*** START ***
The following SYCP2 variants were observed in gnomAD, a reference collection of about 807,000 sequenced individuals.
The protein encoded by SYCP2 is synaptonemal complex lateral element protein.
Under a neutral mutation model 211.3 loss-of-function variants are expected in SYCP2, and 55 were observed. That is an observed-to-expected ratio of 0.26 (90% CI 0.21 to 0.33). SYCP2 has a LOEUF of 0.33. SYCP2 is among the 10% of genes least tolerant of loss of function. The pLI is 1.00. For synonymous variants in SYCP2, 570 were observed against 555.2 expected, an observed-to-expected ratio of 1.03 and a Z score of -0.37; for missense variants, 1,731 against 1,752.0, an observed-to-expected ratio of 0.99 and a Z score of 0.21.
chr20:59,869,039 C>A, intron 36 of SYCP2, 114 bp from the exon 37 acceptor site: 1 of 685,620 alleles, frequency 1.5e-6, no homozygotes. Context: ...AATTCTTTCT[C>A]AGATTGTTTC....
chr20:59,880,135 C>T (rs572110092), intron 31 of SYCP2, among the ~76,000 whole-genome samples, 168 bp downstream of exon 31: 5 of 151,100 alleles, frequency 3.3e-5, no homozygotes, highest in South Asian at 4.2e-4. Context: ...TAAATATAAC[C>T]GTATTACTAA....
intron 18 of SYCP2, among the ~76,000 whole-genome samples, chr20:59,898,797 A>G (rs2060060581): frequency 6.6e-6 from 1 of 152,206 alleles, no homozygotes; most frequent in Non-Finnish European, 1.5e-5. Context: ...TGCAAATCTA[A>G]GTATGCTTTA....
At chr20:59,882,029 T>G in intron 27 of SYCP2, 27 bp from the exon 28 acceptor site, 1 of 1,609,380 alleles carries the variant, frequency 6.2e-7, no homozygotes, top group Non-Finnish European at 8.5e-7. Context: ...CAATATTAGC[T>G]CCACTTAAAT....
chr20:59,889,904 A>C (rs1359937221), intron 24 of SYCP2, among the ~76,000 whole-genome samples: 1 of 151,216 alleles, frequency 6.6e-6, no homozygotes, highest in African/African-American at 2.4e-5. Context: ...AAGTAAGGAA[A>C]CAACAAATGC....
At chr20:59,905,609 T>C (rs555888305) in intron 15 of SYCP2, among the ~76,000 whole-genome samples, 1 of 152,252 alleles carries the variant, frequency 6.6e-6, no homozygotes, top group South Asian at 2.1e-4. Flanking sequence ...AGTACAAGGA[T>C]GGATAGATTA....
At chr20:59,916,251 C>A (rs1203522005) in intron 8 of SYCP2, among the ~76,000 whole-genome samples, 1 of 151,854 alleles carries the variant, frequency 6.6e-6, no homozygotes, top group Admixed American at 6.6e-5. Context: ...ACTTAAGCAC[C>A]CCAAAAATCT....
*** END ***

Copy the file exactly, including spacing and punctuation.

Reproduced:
The following SYCP2 variants were observed in gnomAD, a reference collection of about 807,000 sequenced individuals.
The protein encoded by SYCP2 is synaptonemal complex lateral element protein.
Under a neutral mutation model 211.3 loss-of-function variants are expected in SYCP2, and 55 were observed. That is an observed-to-expected ratio of 0.26 (90% CI 0.21 to 0.33). SYCP2 has a LOEUF of 0.33. SYCP2 is among the 10% of genes least tolerant of loss of function. The pLI is 1.00. For synonymous variants in SYCP2, 570 were observed against 555.2 expected, an observed-to-expected ratio of 1.03 and a Z score of -0.37; for missense variants, 1,731 against 1,752.0, an observed-to-expected ratio of 0.99 and a Z score of 0.21.
chr20:59,869,039 C>A, intron 36 of SYCP2, 114 bp from the exon 37 acceptor site: 1 of 685,620 alleles, frequency 1.5e-6, no homozygotes. Context: ...AATTCTTTCT[C>A]AGATTGTTTC....
chr20:59,880,135 C>T (rs572110092), intron 31 of SYCP2, among the ~76,000 whole-genome samples, 168 bp downstream of exon 31: 5 of 151,100 alleles, frequency 3.3e-5, no homozygotes, highest in South Asian at 4.2e-4. Context: ...TAAATATAAC[C>T]GTATTACTAA....
intron 18 of SYCP2, among the ~76,000 whole-genome samples, chr20:59,898,797 A>G (rs2060060581): frequency 6.6e-6 from 1 of 152,206 alleles, no homozygotes; most frequent in Non-Finnish European, 1.5e-5. Context: ...TGCAAATCTA[A>G]GTATGCTTTA....
At chr20:59,882,029 T>G in intron 27 of SYCP2, 27 bp from the exon 28 acceptor site, 1 of 1,609,380 alleles carries the variant, frequency 6.2e-7, no homozygotes, top group Non-Finnish European at 8.5e-7. Context: ...CAATATTAGC[T>G]CCACTTAAAT....
chr20:59,889,904 A>C (rs1359937221), intron 24 of SYCP2, among the ~76,000 whole-genome samples: 1 of 151,216 alleles, frequency 6.6e-6, no homozygotes, highest in African/African-American at 2.4e-5. Context: ...AAGTAAGGAA[A>C]CAACAAATGC....
At chr20:59,905,609 T>C (rs555888305) in intron 15 of SYCP2, among the ~76,000 whole-genome samples, 1 of 152,252 alleles carries the variant, frequency 6.6e-6, no homozygotes, top group South Asian at 2.1e-4. Flanking sequence ...AGTACAAGGA[T>C]GGATAGATTA....
At chr20:59,916,251 C>A (rs1203522005) in intron 8 of SYCP2, among the ~76,000 whole-genome samples, 1 of 151,854 alleles carries the variant, frequency 6.6e-6, no homozygotes, top group Admixed American at 6.6e-5. Context: ...ACTTAAGCAC[C>A]CCAAAAATCT....